A tax on sugary drinks -- which leads children to consume the equivalent of a five-gallon water jug's worth of sugar every year -- is headed to the ballot in Richmond for voters' consideration.
A business license fee of 1 cent per ounce of "sugar-sweetened beverages sold by local businesses" will be on the Nov. 6 ballot in Richmond, according to the Contra Costa Times. This would impose a tax of 67 cents on two-liter bottles of soda, according to the newspaper.
A tandem ballot measure urging the proceeds to be spent on educational programs for local youths will also appear on the ballot, according to the newspaper.
Councilman Jeff Ritterman, a doctor and former head of cardiology at Kaiser Richmond Medical Center, said that science convinced him that sugar is toxic and that the city needs to be healthy. Too much soda leads to obesity as well as other issues, he said.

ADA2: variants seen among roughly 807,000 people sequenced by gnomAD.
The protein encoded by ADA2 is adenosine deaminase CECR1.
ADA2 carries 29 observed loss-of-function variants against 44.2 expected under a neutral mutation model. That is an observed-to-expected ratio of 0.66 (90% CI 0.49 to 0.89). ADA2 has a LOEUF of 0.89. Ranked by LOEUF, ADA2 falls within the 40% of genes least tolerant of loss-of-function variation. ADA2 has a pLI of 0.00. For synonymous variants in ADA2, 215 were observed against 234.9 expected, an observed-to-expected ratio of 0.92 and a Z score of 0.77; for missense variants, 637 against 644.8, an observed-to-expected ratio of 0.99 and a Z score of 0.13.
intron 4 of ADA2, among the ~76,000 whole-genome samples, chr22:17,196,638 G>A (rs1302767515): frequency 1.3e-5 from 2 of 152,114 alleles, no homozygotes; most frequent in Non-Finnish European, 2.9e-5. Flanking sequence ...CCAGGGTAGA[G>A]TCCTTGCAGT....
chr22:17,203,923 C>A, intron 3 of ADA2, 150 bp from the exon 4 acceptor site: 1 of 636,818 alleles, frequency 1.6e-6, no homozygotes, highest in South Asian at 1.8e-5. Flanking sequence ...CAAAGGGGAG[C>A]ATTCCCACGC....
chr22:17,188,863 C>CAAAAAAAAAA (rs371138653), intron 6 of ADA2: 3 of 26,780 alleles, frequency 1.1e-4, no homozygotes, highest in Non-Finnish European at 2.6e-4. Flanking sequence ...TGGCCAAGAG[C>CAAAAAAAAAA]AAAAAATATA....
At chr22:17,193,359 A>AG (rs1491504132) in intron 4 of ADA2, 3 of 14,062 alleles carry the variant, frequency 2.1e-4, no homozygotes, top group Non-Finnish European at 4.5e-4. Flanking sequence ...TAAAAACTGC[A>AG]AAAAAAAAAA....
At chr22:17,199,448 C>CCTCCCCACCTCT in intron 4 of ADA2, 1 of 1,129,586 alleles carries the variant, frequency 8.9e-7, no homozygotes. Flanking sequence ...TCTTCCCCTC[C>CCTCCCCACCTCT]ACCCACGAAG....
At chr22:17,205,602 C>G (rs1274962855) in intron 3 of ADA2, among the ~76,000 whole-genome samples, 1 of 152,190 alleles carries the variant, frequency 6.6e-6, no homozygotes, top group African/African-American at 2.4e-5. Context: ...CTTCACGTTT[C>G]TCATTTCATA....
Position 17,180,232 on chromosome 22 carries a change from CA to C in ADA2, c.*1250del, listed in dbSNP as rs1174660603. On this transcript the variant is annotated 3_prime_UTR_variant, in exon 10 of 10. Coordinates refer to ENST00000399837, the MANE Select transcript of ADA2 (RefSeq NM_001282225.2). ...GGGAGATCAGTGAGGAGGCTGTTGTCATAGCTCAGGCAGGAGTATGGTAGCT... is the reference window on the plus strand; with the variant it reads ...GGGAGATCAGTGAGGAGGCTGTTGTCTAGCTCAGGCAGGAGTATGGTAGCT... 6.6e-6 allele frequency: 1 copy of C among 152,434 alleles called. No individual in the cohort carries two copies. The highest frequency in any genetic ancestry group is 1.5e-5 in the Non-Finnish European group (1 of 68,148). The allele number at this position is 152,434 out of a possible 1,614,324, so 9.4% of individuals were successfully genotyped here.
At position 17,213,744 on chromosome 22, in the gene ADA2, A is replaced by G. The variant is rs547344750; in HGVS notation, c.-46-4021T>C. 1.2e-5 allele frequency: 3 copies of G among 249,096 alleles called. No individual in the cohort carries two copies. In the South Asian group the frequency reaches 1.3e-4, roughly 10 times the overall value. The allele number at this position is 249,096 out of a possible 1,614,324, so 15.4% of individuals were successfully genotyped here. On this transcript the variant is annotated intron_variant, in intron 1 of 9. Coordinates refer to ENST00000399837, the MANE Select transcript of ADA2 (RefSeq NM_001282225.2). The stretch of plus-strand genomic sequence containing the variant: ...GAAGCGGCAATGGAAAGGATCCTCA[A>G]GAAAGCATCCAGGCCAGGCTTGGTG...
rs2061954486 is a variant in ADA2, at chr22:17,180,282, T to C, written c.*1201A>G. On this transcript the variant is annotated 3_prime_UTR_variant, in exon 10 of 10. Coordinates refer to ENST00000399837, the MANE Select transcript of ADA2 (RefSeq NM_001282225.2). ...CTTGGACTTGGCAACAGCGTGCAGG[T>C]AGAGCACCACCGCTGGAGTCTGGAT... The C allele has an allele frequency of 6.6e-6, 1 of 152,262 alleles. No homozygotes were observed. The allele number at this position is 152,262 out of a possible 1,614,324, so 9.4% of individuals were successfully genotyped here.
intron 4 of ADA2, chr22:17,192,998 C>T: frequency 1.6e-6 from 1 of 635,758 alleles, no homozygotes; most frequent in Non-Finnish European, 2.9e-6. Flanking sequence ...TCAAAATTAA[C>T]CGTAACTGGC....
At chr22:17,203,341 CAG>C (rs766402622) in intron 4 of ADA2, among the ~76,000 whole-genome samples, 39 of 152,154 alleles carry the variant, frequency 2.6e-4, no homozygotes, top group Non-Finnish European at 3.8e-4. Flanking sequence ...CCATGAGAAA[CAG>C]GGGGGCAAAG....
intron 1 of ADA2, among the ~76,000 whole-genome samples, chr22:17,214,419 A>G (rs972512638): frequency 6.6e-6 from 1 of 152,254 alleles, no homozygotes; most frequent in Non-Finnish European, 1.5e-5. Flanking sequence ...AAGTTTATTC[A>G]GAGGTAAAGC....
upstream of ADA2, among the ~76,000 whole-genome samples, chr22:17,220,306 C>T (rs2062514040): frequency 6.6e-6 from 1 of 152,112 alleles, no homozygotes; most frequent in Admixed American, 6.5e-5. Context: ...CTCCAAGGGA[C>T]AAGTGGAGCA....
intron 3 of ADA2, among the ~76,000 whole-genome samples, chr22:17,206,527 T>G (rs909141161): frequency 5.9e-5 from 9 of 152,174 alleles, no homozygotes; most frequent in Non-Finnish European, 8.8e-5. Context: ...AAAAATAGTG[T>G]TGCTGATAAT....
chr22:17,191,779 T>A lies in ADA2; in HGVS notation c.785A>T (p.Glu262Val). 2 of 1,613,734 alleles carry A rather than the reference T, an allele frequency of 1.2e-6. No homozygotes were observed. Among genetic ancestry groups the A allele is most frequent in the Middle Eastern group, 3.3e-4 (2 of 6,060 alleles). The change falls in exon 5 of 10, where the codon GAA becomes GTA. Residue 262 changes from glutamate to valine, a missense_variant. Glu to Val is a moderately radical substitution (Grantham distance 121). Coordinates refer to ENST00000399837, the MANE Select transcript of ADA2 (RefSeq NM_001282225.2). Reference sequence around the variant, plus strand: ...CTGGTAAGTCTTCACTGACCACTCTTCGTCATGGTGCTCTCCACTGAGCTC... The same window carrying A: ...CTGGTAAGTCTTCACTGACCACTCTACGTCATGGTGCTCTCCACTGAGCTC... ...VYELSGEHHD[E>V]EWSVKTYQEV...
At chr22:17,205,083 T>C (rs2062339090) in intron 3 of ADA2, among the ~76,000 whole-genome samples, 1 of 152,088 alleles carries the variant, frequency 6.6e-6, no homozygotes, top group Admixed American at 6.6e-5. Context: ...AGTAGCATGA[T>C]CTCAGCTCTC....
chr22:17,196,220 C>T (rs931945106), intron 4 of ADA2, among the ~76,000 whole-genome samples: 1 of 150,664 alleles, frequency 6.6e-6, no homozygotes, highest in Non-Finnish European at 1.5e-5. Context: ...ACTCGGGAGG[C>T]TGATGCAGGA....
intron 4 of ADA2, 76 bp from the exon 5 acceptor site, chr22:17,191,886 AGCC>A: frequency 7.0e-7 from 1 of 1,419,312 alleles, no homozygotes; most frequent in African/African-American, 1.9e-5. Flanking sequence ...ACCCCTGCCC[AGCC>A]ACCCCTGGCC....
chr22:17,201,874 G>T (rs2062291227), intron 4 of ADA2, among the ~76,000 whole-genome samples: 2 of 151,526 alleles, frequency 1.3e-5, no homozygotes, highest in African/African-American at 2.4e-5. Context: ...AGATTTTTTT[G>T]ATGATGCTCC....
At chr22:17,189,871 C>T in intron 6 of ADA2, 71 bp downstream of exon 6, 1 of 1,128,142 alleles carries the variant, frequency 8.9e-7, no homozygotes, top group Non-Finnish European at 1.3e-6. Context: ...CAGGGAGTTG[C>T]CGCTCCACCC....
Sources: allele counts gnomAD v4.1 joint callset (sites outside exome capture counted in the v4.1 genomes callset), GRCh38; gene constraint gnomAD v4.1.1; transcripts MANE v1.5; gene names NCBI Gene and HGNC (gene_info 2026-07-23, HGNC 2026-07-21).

"The product is toxic," Ritterman said, in comments recorded by the newspaper. "I didn't know that as a doctor for a lot of years, this is new science."
Both measures headed to the ballot with 5-2 votes. Councilmen Nat Bates and Corky Booze dissented, the newspaper reported.
The tax could generate as much as $8 million in extra revenue for the city, according to Ritterman.
Business owners and opponents said that the tax could force shoppers to buy soda in nearby cities. Ritterman and supporters said they hope nearby cities follow Richmond's example.